will be in Virginia, and the Old Dominion and West Virginia do not have a reciprocal fishing agreement.) I would be hard-pressed to say which part of this 18 1/2-mile section could be classified as more underrated or underfished than the rest, but I would say that certainly one of the more fetching floats is from Riverside to Avon Bend. This float is one that my wife, Elaine, and I especially enjoy; in fact, we are slated to take it once again this summer.

This 4-miler begins on river left off Ann Lewis Road at Riverside. The river flows very gently at the put-in, and this is something that Elaine, who does not care for rapids, relishes. Indeed, the Riverside excursion is a marvelous one to take with a spouse or a youngster who may be interested in floating a river for the first time.

When you have paddled not quite a mile, you may be able to espy Rock Mills on river left; look for a jumble of rocks on that side. This area is also known as Rock Ferry and is near where Long Marsh Run enters on river left. The next major feature is an easy Class I rapid/riffle that occurs where the Shenandoah begins a long river left bend. Anywhere on the main stem, where a riffle or rapid punctuates the stream, be sure to work that section diligently.

Except for where the Shenandoah nears its union with the Potomac, the former flows very gently, and rapids and riffles occur only sporadically. Because of that factor, aerated water is at a premium, and smallies will stack up in this "running water" during the summer heat. After you drift through the Class I rapid/riffle, you will be in a river left bend for nearly two miles. Springs occasionally enter the Shenandoah and serve as real draws for warmwater mossybacks.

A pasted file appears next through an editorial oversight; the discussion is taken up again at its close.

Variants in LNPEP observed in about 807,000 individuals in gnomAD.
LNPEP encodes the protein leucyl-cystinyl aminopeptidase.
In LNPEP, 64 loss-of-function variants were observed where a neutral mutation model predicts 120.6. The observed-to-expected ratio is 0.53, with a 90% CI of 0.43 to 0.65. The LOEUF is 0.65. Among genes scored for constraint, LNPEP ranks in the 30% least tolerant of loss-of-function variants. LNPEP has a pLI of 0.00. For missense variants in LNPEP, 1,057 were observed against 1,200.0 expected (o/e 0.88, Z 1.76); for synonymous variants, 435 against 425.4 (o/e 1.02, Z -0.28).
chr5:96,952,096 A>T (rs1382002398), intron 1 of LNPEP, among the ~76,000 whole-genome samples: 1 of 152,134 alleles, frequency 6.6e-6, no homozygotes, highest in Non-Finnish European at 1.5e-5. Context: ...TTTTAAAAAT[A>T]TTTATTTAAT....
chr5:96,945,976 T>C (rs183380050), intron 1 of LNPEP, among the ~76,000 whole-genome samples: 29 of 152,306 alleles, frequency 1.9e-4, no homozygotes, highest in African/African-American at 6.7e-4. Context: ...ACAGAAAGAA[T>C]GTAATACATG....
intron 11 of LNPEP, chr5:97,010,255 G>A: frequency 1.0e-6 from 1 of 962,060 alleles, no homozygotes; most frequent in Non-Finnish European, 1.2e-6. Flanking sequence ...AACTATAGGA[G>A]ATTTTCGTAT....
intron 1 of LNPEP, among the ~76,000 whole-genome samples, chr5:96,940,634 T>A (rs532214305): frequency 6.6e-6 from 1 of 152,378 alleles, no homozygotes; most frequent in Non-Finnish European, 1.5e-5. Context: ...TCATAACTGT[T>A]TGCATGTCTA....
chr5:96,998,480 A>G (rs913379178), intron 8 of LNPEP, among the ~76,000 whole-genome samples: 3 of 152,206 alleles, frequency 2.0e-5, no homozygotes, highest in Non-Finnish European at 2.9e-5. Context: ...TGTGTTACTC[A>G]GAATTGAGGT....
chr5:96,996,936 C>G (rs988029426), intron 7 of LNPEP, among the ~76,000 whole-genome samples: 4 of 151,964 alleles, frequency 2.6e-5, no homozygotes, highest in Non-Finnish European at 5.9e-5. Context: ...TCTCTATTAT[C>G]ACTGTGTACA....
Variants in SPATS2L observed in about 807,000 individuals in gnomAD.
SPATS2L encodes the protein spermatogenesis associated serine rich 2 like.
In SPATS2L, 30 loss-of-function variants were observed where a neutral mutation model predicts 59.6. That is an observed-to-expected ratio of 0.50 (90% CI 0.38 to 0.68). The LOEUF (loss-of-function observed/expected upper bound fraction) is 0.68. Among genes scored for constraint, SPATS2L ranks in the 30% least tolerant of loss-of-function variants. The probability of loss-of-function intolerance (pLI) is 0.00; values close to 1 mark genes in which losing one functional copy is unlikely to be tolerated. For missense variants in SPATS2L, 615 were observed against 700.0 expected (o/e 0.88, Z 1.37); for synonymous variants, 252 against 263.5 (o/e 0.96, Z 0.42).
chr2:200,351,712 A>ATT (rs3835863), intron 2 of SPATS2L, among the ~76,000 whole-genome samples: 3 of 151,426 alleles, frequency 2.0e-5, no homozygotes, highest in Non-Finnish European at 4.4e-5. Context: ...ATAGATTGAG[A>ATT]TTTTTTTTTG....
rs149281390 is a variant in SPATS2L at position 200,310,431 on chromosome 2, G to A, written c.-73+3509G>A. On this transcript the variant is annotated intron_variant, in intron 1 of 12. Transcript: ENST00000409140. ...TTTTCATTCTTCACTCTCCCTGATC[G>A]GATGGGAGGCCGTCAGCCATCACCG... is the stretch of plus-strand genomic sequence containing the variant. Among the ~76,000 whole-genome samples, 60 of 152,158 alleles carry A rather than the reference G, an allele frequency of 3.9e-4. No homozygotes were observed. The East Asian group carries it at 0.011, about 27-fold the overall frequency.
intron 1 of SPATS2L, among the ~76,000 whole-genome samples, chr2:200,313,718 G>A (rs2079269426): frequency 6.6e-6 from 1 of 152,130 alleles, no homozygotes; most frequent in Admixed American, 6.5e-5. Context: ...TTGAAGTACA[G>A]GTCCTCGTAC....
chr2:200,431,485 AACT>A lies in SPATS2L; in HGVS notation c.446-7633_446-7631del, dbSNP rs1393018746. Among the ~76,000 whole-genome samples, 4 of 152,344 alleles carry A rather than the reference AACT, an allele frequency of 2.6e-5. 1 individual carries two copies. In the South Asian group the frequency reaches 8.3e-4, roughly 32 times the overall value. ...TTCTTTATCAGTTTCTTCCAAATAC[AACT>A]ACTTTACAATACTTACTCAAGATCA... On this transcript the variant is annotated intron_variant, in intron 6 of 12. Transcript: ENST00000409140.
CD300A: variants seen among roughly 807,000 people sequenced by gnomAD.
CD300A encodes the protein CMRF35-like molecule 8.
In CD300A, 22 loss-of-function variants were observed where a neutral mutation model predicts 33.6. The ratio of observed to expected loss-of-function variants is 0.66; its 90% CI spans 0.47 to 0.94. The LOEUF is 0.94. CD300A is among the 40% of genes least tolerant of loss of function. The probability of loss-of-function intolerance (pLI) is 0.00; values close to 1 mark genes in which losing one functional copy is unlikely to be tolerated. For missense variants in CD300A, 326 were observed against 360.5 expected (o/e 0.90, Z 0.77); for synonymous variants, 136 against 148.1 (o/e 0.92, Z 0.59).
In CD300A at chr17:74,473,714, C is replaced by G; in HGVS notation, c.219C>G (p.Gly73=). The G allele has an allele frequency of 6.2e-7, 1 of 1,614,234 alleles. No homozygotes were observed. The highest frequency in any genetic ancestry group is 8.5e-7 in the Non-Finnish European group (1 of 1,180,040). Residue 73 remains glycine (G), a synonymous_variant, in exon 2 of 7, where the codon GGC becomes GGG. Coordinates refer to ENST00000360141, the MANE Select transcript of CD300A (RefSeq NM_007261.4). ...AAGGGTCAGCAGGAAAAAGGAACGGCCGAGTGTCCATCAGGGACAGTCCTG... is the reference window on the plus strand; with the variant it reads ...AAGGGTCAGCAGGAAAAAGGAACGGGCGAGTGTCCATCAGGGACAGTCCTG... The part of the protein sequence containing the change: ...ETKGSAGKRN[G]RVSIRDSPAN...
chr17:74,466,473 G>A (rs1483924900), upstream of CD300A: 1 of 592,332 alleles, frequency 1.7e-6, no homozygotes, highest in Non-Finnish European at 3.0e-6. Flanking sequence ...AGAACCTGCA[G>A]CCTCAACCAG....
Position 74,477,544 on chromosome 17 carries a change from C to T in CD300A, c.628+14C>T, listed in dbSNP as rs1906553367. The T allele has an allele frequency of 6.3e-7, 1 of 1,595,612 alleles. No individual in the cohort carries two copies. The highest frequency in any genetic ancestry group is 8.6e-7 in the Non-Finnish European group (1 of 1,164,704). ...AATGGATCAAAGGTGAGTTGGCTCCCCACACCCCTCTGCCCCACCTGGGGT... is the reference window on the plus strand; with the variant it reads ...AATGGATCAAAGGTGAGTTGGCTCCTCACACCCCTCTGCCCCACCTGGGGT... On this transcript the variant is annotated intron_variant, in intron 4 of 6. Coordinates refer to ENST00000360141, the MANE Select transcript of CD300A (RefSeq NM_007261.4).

The best and most common form of bank cover, though, is in the form of standing and submerged trees along the shoreline. Standing trees, such as sycamores, provide excellent sanctuaries in the form of exposed roots. Downed trees are also great places to work subsurface baits such as plastic worms, crayfish and lizards.

Near the end of this bend, you will spot another easy Class I riffle, which basically serves as the terminus for the curve. The river flows fairly straight for a while, and Bullskin Run enters on river left. Some maps label this area as Gregorys Ford. The river left take-out is at Avon Bend, not far from the community of Kabletown. Access is via CR 25-10.